How to Respond to Cyberbullying


How to Respond to Cyberbullying

Last month, we published a blog post titled How to Recognize Cyberbullying, where we defined cyberbullying as purposeful repeated, unwanted, aggressive behavior (both physical and verbal) that involves a real or perceived power imbalance. In this post, we will go one step further and discuss how you can respond to a cyberbully. Studies show that 33% of teens are cyberbullied at some point, so it could easily happen to you, a close friend, or someone you know. While it’s important to understand what cyberbullying is and how to recognize it, it is equally important to learn ways that you can react to victimization by a cyberbully.

How can I respond if I am being cyberbullied?

  • Don’t retaliate. Cyberbullies are trying to get a response out of their victims, and if you choose to respond, it gives them exactly what they want. As difficult as it may be not to react, this is one of the most important things to understand about cyberbullies. Don’t stoop to their level by texting or responding with comebacks or rude responses. Instead, respond nicely and be nice to them in person. Take the higher road and you will take away their power.
  • Try ignoring it. If this is the first time you’ve been cyberbullied by someone, try ignoring them; they might choose to stop on their own. As mentioned above, cyberbullies are looking for a reaction. If you simply ignore them, they won’t get their desired response and therefore might stop. If they don’t, you have other options (below). It’s also important to note that the cyberbully might move on and begin bullying someone new, in which case there are still things you can do to help the victim.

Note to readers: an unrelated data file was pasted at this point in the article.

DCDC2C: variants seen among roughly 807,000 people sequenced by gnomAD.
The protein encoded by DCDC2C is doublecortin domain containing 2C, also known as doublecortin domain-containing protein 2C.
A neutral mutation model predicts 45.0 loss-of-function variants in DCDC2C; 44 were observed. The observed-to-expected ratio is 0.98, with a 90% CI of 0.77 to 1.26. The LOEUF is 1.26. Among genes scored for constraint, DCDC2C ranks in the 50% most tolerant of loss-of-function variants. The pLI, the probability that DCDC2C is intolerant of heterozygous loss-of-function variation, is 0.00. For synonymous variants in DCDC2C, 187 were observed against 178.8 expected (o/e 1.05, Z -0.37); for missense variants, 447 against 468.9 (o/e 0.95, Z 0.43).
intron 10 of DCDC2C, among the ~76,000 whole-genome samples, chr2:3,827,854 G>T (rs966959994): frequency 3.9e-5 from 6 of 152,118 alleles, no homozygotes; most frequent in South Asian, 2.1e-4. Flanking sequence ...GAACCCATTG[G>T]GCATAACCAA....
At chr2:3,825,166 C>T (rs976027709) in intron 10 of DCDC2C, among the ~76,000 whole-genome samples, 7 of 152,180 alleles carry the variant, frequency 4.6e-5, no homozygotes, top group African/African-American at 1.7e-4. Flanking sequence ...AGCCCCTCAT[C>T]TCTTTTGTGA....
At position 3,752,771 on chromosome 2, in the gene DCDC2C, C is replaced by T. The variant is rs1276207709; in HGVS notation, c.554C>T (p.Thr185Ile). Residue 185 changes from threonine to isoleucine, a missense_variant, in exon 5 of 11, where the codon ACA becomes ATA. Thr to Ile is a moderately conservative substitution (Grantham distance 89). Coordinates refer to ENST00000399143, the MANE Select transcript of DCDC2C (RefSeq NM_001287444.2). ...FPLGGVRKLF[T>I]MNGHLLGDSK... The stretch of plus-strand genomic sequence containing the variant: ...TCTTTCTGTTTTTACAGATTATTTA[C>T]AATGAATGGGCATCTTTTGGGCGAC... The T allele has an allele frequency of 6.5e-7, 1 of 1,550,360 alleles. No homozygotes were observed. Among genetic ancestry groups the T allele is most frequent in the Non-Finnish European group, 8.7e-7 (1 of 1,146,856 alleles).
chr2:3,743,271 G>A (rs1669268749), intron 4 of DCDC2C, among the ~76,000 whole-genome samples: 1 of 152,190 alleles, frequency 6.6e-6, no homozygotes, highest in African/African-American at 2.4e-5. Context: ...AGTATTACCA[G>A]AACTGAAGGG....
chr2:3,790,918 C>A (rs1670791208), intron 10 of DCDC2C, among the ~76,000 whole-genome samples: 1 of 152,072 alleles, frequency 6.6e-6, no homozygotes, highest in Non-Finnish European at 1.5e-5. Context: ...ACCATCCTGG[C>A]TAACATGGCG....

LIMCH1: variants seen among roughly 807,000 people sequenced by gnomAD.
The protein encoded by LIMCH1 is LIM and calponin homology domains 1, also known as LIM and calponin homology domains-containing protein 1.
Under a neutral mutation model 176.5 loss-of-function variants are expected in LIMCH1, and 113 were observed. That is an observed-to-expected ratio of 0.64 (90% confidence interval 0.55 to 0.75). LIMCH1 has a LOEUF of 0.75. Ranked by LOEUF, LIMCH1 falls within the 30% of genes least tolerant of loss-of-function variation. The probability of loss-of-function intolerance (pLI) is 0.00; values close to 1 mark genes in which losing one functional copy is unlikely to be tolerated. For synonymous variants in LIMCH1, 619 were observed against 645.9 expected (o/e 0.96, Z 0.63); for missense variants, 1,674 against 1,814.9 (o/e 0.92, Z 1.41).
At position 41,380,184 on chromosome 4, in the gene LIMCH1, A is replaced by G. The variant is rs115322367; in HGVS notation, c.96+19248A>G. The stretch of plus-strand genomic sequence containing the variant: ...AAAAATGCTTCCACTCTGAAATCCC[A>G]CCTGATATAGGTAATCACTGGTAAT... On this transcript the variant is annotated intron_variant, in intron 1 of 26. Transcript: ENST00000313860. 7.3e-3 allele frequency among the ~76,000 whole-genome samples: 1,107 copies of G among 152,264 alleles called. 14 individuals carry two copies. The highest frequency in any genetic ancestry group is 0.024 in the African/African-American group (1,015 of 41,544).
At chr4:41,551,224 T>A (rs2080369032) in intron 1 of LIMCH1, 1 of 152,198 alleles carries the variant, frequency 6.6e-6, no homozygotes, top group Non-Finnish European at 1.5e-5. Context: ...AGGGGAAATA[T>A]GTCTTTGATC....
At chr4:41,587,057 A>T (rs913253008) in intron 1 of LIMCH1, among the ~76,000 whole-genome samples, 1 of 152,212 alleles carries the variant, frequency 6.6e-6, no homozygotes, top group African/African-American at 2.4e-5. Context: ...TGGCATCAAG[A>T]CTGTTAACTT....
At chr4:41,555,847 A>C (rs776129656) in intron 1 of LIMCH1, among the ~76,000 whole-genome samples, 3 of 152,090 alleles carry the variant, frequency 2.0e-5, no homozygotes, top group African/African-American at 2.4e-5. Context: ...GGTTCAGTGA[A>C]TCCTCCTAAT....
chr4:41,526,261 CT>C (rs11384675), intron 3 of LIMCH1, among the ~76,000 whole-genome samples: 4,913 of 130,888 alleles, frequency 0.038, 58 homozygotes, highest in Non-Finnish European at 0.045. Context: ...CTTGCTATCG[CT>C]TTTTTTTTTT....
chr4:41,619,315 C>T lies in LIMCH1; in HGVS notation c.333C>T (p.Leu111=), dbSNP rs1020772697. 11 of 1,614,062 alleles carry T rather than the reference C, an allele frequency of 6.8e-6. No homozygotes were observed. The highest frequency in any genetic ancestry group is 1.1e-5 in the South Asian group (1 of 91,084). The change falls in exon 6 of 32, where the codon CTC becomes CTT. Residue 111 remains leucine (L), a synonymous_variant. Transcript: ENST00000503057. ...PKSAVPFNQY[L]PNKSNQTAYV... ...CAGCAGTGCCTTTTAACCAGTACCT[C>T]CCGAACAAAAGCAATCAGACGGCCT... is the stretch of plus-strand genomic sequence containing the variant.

• Document everything. If you are being cyberbullied, it’s important to keep track of the dates and times of the occurrences. In our digital age, screenshots make it very easy to do this. Each time the cyberbully victimizes you, take a screenshot and keep the proof so that you can show someone. If you receive any harassing emails from a cyberbully, don’t delete them. Save them or print them out to show a trusted adult.
  • Tell the bully to stop. If you are comfortable confronting the cyberbully, contact them and tell them to stop. When someone is harassing or bullying you, it is okay to use progressive actions with them. First, ask them to stop (it may not have been intentional!). If they continue with their behaviors, tell them to stop. If bullying still continues, warn them that you are seeking outside help and will be reporting their behavior to an adult. This tactic only works if you’re comfortable confronting the cyberbully, but you may find that it is highly effective.
  • Be civil. If you can’t ignore the bully’s actions or if you decide to confront the cyberbully, remember to be civil. Remain calm in your responses and don’t let strong emotions take over. State facts like, “You have said this three times and I want you to stop,” or “If this continues I will be forced to report it.” Remember, a cyberbully is looking for an extreme reaction, so make sure that any response you give is relaxed and respectful.
  • Block the person. Many digital platforms (messaging apps, social media sites, etc.) allow you to block other users. If you can, block the person who is harassing you. This removes you from the situation and prevents further direct contact with the cyberbully. You may find that your cyberbully reaches out on other platforms in an attempt to elicit a reaction after realizing that they won’t get a response on the first platform they chose. It is okay, and encouraged, for you to block them on all social media sites and online messaging platforms.